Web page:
Memorandum submitted by the British Psychological
1. As the learned society for psychology,
The British Psychological Society, under its Royal Charter, promotes
the advancement and diffusion of knowledge of psychology pure
and applied. As well as setting and maintaining high professional
standards for psychologists, the Society exists to bring the insights
gained from psychologists' research and practice into the public
realm for the benefit of all.
2. The Society welcomes this opportunity
to contribute to the inquiry into the government funding of the
scientific learned societies and applauds the interest of the
committee in the quality of scientific advice available to government
which this inquiry demonstrates.
3. The Society believes that government
policy should be based on the best available scientific evidence.
We recognise the importance of contributing to the policy making
process and devote considerable resources to making psychological
expertise available in Whitehall and Westminster.
4. All parts of government should welcome
to contribution of science to evidence-based policy making. The
existing support for learned societies and other learned bodies
should be regarded as a base from which the contribution of science
to political and public life must be developed.
5. Among the Society's 34,000 plus members
is a wealth of expertise on issues of concern to many different
government departments. There is a particularly strong history
of input to science, health and education policy. In the past
two years, the Society has responded to 20 UK government consultations,
27 consultations by other bodies and provided members for departmental
working or consultative groups. In addition, the Society publishes
research which informs policy making, meets with Ministers and
works closely with POST on individual research projects. The estimated
cost of this work, to the Society, which is not financially supported
by government, is in excess of £15,000.
6. However there are many parts of government
that do not make full use of the scientific advice which psychologists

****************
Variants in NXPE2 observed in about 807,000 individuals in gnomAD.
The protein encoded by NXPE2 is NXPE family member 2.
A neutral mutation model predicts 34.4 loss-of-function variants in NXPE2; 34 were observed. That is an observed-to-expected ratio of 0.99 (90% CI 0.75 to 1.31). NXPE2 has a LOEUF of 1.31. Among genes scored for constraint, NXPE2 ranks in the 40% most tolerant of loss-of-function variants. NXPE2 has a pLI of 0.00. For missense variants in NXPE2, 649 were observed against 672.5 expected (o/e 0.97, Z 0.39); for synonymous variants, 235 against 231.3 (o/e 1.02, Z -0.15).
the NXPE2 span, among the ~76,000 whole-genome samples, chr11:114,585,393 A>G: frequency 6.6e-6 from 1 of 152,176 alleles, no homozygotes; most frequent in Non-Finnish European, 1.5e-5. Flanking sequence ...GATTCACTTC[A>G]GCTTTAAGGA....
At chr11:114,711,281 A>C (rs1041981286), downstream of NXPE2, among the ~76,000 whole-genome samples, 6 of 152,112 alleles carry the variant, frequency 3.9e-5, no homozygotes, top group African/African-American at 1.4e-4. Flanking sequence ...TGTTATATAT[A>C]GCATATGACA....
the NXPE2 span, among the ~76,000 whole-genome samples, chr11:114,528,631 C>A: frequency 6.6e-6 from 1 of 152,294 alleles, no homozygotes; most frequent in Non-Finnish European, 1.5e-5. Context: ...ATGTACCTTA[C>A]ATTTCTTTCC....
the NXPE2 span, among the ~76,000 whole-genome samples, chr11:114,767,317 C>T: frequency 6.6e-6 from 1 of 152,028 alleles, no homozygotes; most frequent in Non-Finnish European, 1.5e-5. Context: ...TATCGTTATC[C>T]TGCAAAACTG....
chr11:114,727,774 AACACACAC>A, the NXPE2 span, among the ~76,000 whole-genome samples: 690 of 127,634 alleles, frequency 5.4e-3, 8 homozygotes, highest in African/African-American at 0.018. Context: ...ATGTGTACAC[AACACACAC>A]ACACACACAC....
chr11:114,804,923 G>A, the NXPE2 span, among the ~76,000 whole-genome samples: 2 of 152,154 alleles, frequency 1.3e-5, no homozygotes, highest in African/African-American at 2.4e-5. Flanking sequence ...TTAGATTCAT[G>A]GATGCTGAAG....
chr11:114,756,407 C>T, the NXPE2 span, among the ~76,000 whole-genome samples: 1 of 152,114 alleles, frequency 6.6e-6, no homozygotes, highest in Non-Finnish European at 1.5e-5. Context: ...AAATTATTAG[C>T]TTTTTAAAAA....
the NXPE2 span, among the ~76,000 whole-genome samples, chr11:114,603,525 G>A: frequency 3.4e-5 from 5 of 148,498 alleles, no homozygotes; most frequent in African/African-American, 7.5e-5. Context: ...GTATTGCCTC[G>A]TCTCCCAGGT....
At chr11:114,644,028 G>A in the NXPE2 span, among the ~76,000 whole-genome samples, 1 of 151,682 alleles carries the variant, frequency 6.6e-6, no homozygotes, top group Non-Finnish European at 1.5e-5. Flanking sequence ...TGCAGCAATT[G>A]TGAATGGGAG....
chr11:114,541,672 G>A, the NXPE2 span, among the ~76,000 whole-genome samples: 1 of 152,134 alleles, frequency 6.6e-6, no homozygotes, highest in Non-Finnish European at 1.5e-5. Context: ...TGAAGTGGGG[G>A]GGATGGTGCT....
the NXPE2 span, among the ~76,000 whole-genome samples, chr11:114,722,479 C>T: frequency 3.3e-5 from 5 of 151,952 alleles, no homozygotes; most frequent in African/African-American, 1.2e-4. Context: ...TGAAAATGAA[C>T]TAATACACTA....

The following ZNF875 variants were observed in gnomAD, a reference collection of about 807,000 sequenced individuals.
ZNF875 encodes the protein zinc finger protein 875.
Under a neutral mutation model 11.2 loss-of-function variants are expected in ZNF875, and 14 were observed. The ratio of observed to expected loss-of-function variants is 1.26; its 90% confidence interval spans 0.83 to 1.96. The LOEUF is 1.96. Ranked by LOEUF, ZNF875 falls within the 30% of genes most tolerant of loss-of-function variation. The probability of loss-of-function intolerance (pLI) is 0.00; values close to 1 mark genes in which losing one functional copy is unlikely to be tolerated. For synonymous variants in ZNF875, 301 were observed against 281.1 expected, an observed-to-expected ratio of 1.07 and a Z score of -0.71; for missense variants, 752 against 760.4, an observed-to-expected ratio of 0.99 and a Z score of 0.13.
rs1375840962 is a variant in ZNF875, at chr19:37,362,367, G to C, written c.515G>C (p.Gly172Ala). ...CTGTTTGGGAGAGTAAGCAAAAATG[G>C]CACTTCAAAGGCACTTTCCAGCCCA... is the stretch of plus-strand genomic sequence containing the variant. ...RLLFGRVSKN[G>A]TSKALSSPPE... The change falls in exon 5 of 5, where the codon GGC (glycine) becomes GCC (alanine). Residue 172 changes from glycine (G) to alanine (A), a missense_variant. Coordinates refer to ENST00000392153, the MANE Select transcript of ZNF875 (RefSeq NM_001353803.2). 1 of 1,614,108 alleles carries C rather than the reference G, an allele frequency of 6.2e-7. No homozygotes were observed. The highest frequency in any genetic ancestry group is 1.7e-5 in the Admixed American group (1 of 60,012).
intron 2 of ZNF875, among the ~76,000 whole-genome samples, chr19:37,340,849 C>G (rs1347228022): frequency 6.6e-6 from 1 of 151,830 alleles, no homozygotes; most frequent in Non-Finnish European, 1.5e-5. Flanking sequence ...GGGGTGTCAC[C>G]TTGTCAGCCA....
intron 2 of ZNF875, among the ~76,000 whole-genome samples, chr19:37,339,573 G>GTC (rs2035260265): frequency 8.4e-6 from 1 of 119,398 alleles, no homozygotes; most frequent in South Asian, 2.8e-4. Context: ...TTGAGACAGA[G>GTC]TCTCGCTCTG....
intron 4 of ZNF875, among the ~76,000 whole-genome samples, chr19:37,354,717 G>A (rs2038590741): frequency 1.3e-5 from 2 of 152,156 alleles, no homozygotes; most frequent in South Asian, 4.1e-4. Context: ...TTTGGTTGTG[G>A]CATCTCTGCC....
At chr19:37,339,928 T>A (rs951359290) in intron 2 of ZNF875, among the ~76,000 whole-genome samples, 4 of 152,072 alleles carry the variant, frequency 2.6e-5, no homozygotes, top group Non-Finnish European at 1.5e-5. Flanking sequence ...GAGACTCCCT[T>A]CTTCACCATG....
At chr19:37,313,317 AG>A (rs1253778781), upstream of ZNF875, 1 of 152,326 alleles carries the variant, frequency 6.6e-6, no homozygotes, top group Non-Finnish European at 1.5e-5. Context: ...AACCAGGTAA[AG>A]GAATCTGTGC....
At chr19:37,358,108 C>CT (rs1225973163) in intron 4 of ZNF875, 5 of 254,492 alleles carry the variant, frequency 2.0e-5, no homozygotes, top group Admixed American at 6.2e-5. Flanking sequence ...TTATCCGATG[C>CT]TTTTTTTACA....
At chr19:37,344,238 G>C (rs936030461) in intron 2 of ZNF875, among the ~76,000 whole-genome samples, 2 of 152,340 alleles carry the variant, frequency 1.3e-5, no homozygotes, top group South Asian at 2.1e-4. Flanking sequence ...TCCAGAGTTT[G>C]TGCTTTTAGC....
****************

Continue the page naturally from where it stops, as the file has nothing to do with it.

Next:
could offer. Transport, criminal justice, work and pensions, trade
and industry, defence, food and rural affairs and housing policy
would all benefit from research which has been conducted by psychologists.
That policies are being made in these areas without recourse to
the best evidence available is disappointing.
7. The Society intends to promote the contribution
of psychologists to policy making across departments. It is our
belief that a co-ordinated approach by our members to government
would add value to the work of individual psychologists and government
departments as well as the science base and government as a whole.
8. Relations between the scientific and
research communities and government should not be confined to
the policy silos within which these interactions have traditionally
occurred. The Society hopes that broadening the range of psychologist/government
interactions will make a positive contribution to the efforts
of the OST and the Chief Scientific Advisor in raising the profile
of science across Whitehall.
9. The Society endorses the view of the
Secretary of State for Trade and Industry (expressed in her evidence
to the committee on 19 December 2001) that those who understand
the importance of the science base must make the case for government
spending on science and believes that this responsibility will
endure beyond the current spending review.
10. In the interest of broadening the base
from which advice to government is drawn, the Society would welcome
some financial support for input to one-off inquiries being made
available to organisations that do not receive grant-in-aid from
11. Within the last five years the time
allowed for responses to government consultations has shortened
considerably. Whereas before there might have been three months
plus, the time scale now may be as short as a few weeks. Our members'
responses are produced on an entirely voluntary basis; attempting
to persuade them to drop existing work commitments at short notice
to draft a response to government is becoming increasingly hard.
Government should recognise that those with the greatest expertise
are likely to have the busiest schedules and plan its consultation